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August 25, 2016
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From the road to the faucet: a sip of sodium?

Managing regional roadways during winter conditions is a balancing act that involves weighing the pros and cons of various products, their cost-effectiveness and their impacts on human and environmental health. Ironically, the same products that can harm plant, animal and human life are also the ones that increase human safety when it comes to driving during ice and snow events.

Throughout most of the Town of Tusten, a mixture of salt (sodium chloride) and sand is applied. Both products have the advantages of lower cost and relative abundance. Salt is effective at temperatures as low as 24 degrees Fahrenheit. Its primary drawbacks are that it is more corrosive than other ice-melting compounds, more harmful to plant and aquatic life and not effective in extremely cold conditions.

Salt used to be the weapon of choice throughout the Town of Tusten, but when water tests conducted by town officials in 2007 began showing levels of sodium in the Narrowsburg Water District (NWD) that were high enough to hit standards set by the New York State Department of Health (DOH), an alternative was sought to bring those levels down.

According to new highway superintendent Glenn Swendsen, that alternative, which is applied as a liquid spray in pre-treating roads prior to storm events primarily on the Narrowsburg Flats, is the magnesium chloride product “Meltdown 26% with AP,” supplied by Innovative Municipal Products, Inc., based in Pittsburgh, PA.

Like all road treatment products, this one comes with its set of pros and cons. On the whole however, it is considered more environmentally friendly than most other options. Less corrosive, it is also less harmful to plant life and can melt snow in temperatures as low as -13 degrees Fahrenheit.

On the downside, it is more expensive, leaves an oily residue and takes on a “slimy” quality when it comes into contact with moisture. This effect can sometimes create its own challenges, as Swendsen discovered one day when the vehicle he was operating slipped sideways on a treated road in the flats.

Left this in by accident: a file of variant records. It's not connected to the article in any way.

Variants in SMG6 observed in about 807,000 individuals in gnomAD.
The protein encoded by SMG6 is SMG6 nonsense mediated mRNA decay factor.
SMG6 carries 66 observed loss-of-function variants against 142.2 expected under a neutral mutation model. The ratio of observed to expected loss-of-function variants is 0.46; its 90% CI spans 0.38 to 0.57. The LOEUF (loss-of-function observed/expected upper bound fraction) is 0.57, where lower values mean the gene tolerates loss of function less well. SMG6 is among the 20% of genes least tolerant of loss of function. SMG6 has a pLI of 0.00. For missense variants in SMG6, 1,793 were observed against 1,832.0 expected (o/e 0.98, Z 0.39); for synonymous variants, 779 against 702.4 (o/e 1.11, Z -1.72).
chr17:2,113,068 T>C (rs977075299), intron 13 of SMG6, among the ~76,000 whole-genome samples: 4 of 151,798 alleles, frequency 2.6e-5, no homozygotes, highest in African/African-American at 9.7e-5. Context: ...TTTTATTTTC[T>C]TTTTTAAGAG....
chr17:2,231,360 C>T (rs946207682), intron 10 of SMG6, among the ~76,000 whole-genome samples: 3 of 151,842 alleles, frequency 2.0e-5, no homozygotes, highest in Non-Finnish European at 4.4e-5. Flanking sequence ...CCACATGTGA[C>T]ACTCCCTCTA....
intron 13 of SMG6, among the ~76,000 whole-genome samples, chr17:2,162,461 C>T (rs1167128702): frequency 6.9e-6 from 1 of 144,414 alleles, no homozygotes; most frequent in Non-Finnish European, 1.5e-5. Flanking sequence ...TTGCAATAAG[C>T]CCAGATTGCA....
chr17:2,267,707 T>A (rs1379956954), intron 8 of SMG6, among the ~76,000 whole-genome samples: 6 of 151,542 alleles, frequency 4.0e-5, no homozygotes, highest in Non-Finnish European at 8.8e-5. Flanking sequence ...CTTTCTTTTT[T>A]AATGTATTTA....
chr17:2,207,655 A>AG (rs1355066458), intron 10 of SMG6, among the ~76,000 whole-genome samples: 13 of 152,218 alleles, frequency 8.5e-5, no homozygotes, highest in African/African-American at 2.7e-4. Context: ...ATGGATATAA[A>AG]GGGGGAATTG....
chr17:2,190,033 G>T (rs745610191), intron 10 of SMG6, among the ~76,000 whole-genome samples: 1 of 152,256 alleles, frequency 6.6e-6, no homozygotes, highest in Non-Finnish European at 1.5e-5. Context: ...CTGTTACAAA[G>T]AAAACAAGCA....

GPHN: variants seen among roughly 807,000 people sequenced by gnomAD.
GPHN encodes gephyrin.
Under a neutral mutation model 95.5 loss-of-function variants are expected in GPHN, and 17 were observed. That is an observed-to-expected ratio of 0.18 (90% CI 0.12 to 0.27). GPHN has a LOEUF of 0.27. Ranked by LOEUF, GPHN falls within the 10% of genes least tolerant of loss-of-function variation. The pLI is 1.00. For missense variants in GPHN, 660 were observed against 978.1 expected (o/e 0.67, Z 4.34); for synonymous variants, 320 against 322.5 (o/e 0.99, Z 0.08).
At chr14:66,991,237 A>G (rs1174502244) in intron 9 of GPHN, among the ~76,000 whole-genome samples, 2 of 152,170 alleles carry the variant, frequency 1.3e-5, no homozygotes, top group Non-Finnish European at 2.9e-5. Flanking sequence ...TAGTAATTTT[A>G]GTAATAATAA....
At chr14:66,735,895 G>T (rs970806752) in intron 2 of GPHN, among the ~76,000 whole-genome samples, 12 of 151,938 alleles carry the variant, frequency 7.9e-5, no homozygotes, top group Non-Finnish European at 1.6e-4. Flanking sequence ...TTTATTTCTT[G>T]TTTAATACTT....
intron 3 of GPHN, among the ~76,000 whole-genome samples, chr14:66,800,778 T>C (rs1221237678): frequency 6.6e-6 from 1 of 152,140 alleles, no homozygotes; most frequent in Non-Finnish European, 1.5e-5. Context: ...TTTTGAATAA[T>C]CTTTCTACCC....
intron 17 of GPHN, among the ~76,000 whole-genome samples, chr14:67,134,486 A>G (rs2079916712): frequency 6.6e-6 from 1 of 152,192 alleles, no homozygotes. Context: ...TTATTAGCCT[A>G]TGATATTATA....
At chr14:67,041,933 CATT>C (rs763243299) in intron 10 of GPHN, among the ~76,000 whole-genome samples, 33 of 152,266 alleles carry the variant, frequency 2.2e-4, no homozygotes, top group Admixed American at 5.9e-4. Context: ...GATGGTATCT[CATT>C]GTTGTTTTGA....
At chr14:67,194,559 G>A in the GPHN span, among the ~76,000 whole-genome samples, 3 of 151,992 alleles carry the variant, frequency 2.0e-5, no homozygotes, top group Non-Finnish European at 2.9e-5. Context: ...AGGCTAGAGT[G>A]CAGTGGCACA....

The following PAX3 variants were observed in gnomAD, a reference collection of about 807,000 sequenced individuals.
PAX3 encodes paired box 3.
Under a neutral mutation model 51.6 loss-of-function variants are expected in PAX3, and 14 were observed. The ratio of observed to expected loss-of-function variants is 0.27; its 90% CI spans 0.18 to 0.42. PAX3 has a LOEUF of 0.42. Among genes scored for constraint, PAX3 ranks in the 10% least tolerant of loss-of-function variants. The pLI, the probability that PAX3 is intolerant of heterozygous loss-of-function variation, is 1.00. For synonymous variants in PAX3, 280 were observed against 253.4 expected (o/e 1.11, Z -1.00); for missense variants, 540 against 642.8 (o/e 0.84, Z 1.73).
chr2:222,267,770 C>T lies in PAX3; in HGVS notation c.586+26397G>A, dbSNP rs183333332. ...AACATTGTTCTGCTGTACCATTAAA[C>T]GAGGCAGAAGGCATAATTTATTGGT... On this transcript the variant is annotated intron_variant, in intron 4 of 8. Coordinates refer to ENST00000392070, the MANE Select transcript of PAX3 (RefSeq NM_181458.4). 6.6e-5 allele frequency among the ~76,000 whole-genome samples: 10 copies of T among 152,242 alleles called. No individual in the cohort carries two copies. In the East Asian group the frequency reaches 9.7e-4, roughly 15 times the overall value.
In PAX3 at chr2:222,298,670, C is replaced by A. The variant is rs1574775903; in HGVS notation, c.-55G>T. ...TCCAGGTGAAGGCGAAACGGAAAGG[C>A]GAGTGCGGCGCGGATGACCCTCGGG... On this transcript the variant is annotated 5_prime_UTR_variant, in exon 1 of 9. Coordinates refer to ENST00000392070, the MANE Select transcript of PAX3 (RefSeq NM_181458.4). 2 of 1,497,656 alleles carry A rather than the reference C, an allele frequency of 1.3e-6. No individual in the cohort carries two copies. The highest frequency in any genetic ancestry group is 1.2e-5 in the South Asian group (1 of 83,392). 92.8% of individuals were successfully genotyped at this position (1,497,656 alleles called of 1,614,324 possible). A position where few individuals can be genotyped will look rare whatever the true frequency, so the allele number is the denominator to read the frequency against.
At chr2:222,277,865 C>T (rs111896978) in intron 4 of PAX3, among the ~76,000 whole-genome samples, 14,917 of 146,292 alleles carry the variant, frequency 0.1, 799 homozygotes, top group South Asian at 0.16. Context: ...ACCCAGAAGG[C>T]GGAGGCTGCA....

In addition, application of the chemical presents potential hazards to the eyes, skin and respiratory tract, as specified in the product’s Material Safety Data Sheet (see Swendsen noted that no matter what is applied, it all eventually seeps into the earth or gradually makes its way into regional waterways, so it is worth exploring new alternatives as they become available.

On the horizon are new products such as beet and corn solutions using the leftover mash from alcohol distilleries and beet juice. Mixed in a de-icing cocktail, they can reduce the need for salt and do not corrode metal or pose threats to wildlife or people.

Farther down the road is the concept of roads that de-ice themselves utilizing solar panels that heat up the road surface or fluid-filled tubes inside the road. Although still in its infancy, the concept could be developed in such a way as to harvest leftover solar power from nearby facilities such as charging stations for electric vehicles. Higher initial costs for construction could be offset with savings gained by cutting the costs of de-icing and accident response.

Ultimately, what is applied to area roads takes its toll on the quality of drinking water. To keep tabs on that, Narrowsburg water/sewer superintendent Scott Birney said the town tests for a variety of water contaminants following schedules set by the DOH. The rising trend in sodium levels has been reversed but remains at levels requiring people on severely sodium-restricted diets to take heed.

The town mails its Annual Drinking Water Report to all residents of the NWD in May and posts the results on its website (see the 2011 report at

Application of chemicals to regional roads isn’t the only practice affecting water quality. As spelled out in the report, groundwater protection begins at home. Disposing of products used at home can contribute to the contamination of the community's groundwater. Motor oil, pesticides, left-over paints or paint cans, mothballs, flea collars, weed killers, household cleaners and even some medications contain materials that are harmful to groundwater and to the environment.

Both men welcome questions and comments. Swendsen can be reached at 845/252-7146, ext 3. Reach Birney at 845/252-7146, ext 4.